|Afghanistan: staff with brains and guts|
|The shaping of policy at UNODC (2002-2010)|
Posted: 3 June 2008
UNODC's crop surveys on coca, opium and cannabis are considered the gold standard for reliable data on the cultivation of illicit drugs. The same goes for our reports on monitoring verification of drug eradication.
It is sometimes forgotten that there are people behind these numbers - real heroes who are out in the field (on foot, camel, horse, motorcycle, and all terrain vehicle) talking to farmers, and measuring first hand how much coca or poppy is being grown.
From Morocco to Burma, from Afghanistan to Colombia, Peru, and Bolivia we have hundreds of specialists reporting, through UNODC, how the drug situation in evolving on the supply side.
In Afghanistan, this year alone we have sent 131 eradication verifiers (selected and trained by our Office in Kabul) out to regions where cultivation activities are envisaged. They measure, on a sample basis, the extent of the cultivation, the eradicated fields, collect info from GPS coordinates, draw maps, and take photographs. With a couple of exceptions, all these people are Afghan nationals: extraordinarily dedicated fellows who love their country and work hard at fighting the scourge of opium.
This can be dangerous work. Security incidents in Hilmand, Kandahar, Hirat, Nimroz, Kapisa, Kabul and Nagarhar provinces - including shootings and mine explosions - have resulted in the death of at least 78 people this year, about half of them policemen. A number of police vehicles and tractors have been attacked and burned. In some cases, farmers have flooded their fields to prevent them from being ploughed up. Recently, one UNODC verifier was killed, and another had to be extracted by NATO forces from a village surrounded by Taliban insurgents.
The work is therefore not only difficult: it is physically dangerous. It requires guts and brains. In Hilmand province alone, where insurgency is very active and casualties are numerous, so far this year verifiers have visited 140 villages. The reports made by the eradication verifiers are corroborated by using satellite images and photos taken from helicopter overflights.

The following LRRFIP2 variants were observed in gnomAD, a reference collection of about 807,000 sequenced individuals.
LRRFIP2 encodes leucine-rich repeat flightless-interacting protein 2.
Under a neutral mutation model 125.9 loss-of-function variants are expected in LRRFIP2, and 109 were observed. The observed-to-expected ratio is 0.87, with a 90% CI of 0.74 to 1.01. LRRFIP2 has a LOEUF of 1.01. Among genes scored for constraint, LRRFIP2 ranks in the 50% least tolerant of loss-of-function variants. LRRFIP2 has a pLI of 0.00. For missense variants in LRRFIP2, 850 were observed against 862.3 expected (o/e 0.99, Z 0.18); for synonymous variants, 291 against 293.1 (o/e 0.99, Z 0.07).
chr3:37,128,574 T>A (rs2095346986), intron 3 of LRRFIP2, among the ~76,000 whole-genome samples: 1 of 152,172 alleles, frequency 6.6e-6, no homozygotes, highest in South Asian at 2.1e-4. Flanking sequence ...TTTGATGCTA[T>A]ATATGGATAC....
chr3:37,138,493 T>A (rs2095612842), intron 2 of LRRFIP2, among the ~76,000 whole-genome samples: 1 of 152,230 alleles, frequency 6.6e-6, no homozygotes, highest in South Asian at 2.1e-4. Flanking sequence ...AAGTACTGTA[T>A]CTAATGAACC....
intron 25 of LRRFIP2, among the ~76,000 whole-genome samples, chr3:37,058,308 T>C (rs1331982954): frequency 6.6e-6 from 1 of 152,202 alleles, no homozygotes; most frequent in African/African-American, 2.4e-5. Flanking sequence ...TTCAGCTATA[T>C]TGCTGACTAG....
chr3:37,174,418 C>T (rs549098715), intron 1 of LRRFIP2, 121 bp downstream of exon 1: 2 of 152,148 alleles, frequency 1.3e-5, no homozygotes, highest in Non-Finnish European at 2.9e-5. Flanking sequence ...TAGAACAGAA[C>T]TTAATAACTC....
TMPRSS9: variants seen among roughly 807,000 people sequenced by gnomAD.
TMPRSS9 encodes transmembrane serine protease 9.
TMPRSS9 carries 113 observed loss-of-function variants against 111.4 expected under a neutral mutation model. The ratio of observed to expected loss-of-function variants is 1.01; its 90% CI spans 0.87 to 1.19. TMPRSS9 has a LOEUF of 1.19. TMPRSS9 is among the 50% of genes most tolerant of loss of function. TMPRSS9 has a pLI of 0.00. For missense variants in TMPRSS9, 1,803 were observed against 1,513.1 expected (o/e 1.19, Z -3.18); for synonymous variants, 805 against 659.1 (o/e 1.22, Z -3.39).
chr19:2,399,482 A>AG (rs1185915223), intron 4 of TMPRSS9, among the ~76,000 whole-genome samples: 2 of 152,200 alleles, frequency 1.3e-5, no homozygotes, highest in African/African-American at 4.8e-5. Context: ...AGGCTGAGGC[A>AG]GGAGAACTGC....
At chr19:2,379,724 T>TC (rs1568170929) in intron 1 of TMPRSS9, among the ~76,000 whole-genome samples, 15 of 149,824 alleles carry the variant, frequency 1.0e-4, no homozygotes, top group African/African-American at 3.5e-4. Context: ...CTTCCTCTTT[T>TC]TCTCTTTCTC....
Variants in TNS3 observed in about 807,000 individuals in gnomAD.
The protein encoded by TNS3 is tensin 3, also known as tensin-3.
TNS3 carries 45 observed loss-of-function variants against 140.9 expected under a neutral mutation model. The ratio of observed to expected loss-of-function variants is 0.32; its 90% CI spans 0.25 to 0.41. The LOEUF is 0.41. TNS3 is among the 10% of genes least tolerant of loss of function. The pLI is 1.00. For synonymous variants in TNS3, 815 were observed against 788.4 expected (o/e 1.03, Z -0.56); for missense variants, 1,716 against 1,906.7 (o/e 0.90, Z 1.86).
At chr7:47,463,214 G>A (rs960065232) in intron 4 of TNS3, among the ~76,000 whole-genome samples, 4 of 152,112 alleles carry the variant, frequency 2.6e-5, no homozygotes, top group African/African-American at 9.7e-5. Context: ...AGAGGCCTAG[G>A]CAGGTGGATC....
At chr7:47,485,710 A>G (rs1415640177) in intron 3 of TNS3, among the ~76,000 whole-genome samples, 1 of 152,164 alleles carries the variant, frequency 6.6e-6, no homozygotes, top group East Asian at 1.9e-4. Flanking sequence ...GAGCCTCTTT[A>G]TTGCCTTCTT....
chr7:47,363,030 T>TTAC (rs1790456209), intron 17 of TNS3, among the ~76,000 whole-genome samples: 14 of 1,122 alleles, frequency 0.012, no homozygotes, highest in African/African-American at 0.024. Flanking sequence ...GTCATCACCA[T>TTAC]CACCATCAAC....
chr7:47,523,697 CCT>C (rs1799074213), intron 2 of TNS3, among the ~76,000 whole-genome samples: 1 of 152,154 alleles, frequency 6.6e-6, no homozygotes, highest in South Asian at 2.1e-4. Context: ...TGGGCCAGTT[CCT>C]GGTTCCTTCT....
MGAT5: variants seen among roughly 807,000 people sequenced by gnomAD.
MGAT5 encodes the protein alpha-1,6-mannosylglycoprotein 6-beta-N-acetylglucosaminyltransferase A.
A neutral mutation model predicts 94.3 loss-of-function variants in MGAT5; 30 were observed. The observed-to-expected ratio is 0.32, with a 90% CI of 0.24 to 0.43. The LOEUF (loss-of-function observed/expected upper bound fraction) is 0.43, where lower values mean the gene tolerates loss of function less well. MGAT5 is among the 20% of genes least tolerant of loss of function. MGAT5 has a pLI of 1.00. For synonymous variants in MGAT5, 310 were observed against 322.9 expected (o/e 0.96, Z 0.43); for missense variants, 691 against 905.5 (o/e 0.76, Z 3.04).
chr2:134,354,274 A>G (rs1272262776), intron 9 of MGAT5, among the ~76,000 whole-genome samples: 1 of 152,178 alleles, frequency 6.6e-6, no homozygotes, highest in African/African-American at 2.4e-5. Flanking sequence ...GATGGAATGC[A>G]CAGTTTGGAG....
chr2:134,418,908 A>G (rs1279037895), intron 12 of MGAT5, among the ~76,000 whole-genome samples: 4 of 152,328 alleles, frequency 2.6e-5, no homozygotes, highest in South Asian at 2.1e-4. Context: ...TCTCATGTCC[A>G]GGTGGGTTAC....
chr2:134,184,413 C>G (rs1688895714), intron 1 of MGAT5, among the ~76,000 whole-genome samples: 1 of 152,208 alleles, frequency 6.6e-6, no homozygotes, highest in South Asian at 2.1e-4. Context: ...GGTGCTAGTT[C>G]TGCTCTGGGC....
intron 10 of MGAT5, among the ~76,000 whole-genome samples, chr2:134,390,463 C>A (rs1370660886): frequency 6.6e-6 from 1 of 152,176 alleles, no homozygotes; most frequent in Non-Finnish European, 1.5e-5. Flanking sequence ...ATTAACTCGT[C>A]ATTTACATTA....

There are other heroes who are part of the UNODC poppy monitoring programme in Afghanistan: 200 surveyors who collect socio-economic data from villages. They help us know what motivates the farmers in their planting decisions. There are also 50 surveyors who measure over 17,000 opium capsules, in order to provide estimates on opium yield and production; over 40 surveyors who collect ground reference data and GPS locations to assist us in satellite image interpretation.
During the past several months I met many of our surveyors - in Vienna as well as in Kabul, always impressed by the modesty, yet steel-like determination to do as accurate a job as possible. Some of them are obviously undercover, their affiliation with UNODC not known even by their families or friends.
Next time you read an article about the drug situation in Afghanistan, or open a UNODC crop survey full of charts and data, spare a thought for the brave souls who have been on the ground collecting that information straight from the source, often at great risk. Without them, the world would lack a clear picture of the world drug situation.
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|Aceh: Paradise Rediscovered|
Posted: 1 February 2013
Can you think of a region so poor that income is less than one dollar a day per person: that has gone through a war against the central government for 30 years (1975-2005); that in 2004 was submerged by a tidal wave (the tsunami) that killed 170,000 people out of a total population of 3 million (in other words 1 person out of every 20); that was later submerged by an avalanche of assistance personnel that pushed local prices beyond what locals could afford?
Well, let me help you.
The Aceh peninsula of Northern Indonesia, along the strategic Malacca Straits, is where I went on mission yesterday, with a delicate task: to determine the extent of drug production (cannabis cultivation); trafficking (hashish and methamphetamine); the associated crime and violence; the health impact (including the spread of HIV because of drug-injection); and, above what can be done to put an end to all this through development.
|Media can Start a Consumer Revolt against Human Trafficking Forum on the role of the news media in exposing human trafficking|
Ladies and Gentlemen,
I would love to say that it is my pleasure to take part in this panel. Actually, this’ not true: it saddens me, well into the 21st century, to take part in a panel discussion on modern-form of slavery: a crime that shames us all now as much as it did centuries ago..